Euclid of Alexandria (lived c. 300 BCE) systematized ancient Greek and Near Eastern mathematics and geometry. He wrote The Elements, the most widely used mathematics and geometry textbook in history. Older books sometimes confuse him with Euclid of Megara. Modern economics has been called "a series of footnotes to Adam Smith," who was the author of The Wealth of Nations (1776 CE). Likewise, much of Western mathematics has been a series of footnotes to Euclid, either developing his ideas or challenging them.
Almost nothing is known of Euclid's life. Around 300 BCE, he ran his own school in Alexandria, Egypt. We do not know the years or places of his birth and death. He seems to have written a dozen or so books, most of which are now lost.
The philosopher Proclus of Athens (412-485 CE), who lived seven centuries later, said that Euclid "put together the Elements, collecting many of Eudoxus's theorems, perfecting many of Theaetetus's, and bringing to irrefragable demonstration things which were only somewhat loosely proved by his predecessors." The scholar Stobaeus lived at about the same time as Proclus. He collected Greek manuscripts that were in danger of being lost. He told a story about Euclid that has the ring of truth:
Someone who had begun to [study] geometry asked Euclid, 'What shall I get by learning these things?' Euclid called his slave and said, 'Give him [some money], since he must make gain out of what he learns'.
(Heath, 1981, loc. 8625)
GEOMETRY BEFORE EUCLID
In The Elements, Euclid collected, organized, and proved geometric ideas that were already used as applied techniques. Except for Euclid and some of his Greek predecessors such as Thales (624-548 BCE), Hippocrates (470-410 BCE), Theaetetus (417-369 BCE), and Eudoxus (408-355 BCE), hardly anyone had tried to figure out why the ideas were true or if they applied in general. Thales even became a celebrity in Egypt because he could see the mathematical principles behind rules for specific problems, then apply the principles to other problems such as determining the height of the pyramids.
The ancient Egyptians knew a lot of geometry, but only as applied methods based on testing and experience. For example, to calculate the area of a circle, they made a square whose sides were eight-ninths the length of the circle's diameter. The area of the square was close enough to the area of the circle that they could not detect any difference. Their method implies that pi has a value of 3.16, slightly off its true value of 3.14... but close enough for simple engineering. Most of what we know about ancient Egyptian mathematics comes from the Rhind Papyrus, discovered in the mid-19th century CE and now kept in the British Museum.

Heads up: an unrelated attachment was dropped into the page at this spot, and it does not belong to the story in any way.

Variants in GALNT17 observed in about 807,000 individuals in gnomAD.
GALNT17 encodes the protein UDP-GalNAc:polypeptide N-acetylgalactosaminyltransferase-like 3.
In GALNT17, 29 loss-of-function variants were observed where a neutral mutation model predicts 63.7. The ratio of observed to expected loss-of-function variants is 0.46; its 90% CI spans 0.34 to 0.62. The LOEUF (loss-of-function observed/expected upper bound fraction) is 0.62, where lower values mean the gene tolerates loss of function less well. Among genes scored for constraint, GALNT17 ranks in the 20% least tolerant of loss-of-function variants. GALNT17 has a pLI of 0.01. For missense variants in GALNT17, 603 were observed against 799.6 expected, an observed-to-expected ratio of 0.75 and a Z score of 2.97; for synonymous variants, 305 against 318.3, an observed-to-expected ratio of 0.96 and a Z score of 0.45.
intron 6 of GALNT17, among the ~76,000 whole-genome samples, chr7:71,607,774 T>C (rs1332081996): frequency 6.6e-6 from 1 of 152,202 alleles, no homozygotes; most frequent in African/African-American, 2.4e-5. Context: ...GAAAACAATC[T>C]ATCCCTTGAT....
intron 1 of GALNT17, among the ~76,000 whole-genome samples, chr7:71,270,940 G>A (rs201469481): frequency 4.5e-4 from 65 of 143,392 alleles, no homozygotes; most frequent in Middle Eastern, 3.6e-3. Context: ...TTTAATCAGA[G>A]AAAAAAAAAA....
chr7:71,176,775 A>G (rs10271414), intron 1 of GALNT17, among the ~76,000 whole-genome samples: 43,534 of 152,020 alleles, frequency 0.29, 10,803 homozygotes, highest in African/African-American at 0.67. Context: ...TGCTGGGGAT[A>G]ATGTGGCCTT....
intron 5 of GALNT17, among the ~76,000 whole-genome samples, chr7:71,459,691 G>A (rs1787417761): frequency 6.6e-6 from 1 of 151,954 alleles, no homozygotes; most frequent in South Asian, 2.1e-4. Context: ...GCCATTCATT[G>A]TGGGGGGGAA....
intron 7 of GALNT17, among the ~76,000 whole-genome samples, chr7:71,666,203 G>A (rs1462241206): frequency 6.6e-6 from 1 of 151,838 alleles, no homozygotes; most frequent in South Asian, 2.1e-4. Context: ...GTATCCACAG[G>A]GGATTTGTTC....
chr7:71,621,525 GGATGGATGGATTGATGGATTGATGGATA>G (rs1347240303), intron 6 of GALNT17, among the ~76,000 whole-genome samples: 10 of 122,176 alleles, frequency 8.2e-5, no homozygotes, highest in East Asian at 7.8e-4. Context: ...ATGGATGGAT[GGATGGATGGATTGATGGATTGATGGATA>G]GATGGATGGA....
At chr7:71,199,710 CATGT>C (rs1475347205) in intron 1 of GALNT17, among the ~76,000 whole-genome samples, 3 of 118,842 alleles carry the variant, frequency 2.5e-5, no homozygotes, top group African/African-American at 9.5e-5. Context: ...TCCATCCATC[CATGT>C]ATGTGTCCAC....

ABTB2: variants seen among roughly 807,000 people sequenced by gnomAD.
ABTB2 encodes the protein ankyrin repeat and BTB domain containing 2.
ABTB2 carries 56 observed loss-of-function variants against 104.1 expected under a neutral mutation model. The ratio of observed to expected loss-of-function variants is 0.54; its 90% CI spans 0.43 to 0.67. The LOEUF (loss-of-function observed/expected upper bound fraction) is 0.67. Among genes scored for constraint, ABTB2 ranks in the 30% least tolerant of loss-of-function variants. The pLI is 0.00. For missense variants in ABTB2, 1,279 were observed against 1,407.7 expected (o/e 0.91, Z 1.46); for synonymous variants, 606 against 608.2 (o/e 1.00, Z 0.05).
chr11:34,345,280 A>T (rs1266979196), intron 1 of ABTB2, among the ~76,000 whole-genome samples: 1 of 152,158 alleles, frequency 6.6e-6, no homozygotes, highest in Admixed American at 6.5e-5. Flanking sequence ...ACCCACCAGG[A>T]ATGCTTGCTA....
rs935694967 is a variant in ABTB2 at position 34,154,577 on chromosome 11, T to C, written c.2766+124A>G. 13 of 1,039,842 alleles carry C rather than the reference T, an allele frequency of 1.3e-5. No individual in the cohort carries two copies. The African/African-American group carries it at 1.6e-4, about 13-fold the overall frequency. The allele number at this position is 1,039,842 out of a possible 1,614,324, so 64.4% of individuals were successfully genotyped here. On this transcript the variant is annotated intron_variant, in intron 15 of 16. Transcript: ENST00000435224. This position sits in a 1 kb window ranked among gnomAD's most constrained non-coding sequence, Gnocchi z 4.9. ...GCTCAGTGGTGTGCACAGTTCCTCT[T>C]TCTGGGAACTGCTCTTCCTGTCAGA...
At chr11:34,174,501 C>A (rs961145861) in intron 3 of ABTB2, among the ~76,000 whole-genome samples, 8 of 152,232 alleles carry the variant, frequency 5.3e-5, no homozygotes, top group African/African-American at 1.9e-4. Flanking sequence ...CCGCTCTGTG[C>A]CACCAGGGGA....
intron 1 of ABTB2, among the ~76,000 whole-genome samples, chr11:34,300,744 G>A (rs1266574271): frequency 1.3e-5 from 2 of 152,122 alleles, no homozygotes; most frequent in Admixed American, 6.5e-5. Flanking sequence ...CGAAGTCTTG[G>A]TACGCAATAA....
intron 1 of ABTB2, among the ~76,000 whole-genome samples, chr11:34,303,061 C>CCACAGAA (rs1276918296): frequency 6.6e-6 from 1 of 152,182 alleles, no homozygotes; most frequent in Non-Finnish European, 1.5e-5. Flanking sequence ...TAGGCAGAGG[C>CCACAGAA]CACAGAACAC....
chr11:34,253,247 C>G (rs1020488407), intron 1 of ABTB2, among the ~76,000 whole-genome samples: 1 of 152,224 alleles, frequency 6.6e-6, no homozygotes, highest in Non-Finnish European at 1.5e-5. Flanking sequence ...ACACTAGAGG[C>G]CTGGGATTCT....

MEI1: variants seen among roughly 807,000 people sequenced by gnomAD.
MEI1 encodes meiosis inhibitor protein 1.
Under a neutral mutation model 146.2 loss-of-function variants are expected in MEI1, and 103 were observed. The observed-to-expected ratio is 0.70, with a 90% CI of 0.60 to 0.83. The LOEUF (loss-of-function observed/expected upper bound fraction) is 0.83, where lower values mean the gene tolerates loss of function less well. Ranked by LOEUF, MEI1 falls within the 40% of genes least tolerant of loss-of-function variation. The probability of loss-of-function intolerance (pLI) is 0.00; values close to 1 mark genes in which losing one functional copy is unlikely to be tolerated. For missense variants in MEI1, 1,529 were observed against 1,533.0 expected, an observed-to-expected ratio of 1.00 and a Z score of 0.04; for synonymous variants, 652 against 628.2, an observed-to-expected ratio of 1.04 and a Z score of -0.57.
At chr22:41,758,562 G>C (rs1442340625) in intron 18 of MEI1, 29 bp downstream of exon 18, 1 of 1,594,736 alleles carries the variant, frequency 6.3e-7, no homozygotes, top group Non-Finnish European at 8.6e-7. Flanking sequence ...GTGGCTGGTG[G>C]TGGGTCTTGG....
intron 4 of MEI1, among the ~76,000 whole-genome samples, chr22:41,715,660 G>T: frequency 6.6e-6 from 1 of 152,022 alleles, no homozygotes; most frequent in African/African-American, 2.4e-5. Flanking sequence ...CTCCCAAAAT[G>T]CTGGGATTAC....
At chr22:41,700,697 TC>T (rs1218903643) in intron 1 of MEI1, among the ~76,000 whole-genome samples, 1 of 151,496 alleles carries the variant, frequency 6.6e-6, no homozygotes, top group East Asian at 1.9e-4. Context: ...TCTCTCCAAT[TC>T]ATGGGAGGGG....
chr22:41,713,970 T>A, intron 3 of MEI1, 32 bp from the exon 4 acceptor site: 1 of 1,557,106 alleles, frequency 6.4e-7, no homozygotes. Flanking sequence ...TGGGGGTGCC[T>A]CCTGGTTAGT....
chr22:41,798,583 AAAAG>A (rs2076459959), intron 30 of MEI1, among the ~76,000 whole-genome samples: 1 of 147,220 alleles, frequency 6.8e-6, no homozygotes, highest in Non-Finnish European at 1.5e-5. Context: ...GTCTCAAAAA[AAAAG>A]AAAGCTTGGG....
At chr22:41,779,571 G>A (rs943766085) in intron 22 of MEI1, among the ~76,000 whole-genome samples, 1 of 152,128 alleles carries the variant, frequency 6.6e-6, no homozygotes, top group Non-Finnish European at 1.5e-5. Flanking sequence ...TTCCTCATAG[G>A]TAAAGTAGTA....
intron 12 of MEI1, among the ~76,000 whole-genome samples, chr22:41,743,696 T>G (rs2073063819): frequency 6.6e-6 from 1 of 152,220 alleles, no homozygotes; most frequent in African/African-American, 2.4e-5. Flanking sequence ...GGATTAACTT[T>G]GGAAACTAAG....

Ancient Babylonians also knew a lot of applied mathematics, including the Pythagorean theorem. Archaeological excavations at Nineveh discovered clay tablets with number triplets satisfying the Pythagorean theorem, such as 3-4-5, 5-12-13, and with considerably larger numbers. As of 2006 CE, 960 of the tablets had been deciphered.
Euclid did not originate most of the ideas in The Elements. His contribution was fourfold:
- He collected important mathematical and geometric knowledge in one book. The Elements is a textbook rather than a reference book, so it does not cover everything that was known.
- He gave definitions, postulates, and axioms. He called axioms "common notions."
- He presented geometry as an axiomatic system: Every statement was either an axiom, a postulate, or was proven by clear logical steps from axioms and postulates.
- He gave some of his own original discoveries, such as the first known proof that there are infinitely many prime numbers.
The Elements has 13 chapters (often called "books"), divided into three main sections:
Chapters 1-6: Plane geometry.
Chapters 7-10: Arithmetic and number theory.
Chapters 11-13: Solid geometry.
Every chapter begins with definitions. Chapter 1 also includes postulates and "common notions" (axioms). Examples are:
Definition: "A point is that which has no part."
Postulate: "To draw a straight line from any point to any point." (That's Euclid's way of saying straight lines exist.)
Common Notion: "Things equal to the same thing are also equal to each other."
If the ideas seem obvious, that's the point. Euclid wanted to base his geometry on ideas so obvious that no one could reasonably doubt them. From his definitions, postulates, and common notions, Euclid deduces the rest of geometry. His geometry describes the normal space we see around us. Modern 'non-Euclidean' geometries describe space over astronomical distances, at near-light speeds, or warped by gravity.
EUCLID'S OTHER WORKS
About half of Euclid's works are lost. We only know about them because other ancient writers refer to them. Lost works include books on conic sections, logical fallacies, and "porisms." We're not sure what porisms were. Euclid's works that still exist are The Elements, Data, Division of Figures, Phenomena, and Optics. In his book about optics, Euclid argued for the same theory of vision as the Christian philosopher St. Augustine.
From ancient times to the late 19th century CE, people considered The Elements as a perfect example of correct reasoning. More than a thousand editions have been published, making it one of the most popular books after theBible. The 17th-century CE Dutch philosopher Baruch de Spinoza modeled his book Ethics on The Elements, using the same format of definitions, postulates, axioms, and proofs. In the 20th century, the Austrian economist Ludwig von Mises adopted Euclid's axiomatic method to write about economics in his book Human Action.